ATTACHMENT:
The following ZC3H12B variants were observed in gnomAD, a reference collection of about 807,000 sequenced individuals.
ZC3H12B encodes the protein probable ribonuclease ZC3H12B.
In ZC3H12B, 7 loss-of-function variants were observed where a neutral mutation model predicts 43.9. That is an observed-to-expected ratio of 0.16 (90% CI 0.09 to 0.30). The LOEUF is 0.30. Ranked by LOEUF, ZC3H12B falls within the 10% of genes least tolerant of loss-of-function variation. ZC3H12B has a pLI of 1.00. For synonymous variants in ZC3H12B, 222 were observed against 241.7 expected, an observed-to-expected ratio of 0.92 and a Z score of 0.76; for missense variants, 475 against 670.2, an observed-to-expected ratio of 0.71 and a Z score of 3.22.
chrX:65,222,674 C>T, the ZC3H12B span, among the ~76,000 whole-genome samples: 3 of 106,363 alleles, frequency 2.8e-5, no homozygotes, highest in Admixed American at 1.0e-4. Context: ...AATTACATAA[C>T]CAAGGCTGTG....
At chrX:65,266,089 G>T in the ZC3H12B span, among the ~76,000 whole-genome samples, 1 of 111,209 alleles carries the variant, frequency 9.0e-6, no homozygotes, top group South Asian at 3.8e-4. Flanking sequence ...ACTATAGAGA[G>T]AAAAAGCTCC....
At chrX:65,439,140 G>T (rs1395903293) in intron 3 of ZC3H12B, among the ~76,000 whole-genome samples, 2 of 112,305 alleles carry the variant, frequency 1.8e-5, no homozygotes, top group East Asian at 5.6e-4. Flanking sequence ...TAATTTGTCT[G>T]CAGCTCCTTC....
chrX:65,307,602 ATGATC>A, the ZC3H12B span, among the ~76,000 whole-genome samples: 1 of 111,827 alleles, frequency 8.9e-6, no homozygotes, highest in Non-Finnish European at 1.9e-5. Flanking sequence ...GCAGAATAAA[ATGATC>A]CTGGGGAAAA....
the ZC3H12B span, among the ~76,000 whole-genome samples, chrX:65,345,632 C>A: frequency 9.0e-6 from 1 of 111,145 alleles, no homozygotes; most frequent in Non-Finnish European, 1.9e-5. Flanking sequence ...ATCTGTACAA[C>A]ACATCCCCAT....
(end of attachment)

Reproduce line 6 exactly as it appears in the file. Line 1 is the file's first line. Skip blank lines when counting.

At chrX:65,439,140 G>T (rs1395903293) in intron 3 of ZC3H12B, among the ~76,000 whole-genome samples, 2 of 112,305 alleles carry the variant, frequency 1.8e-5, no homozygotes, top group East Asian at 5.6e-4. Flanking sequence ...TAATTTGTCT[G>T]CAGCTCCTTC....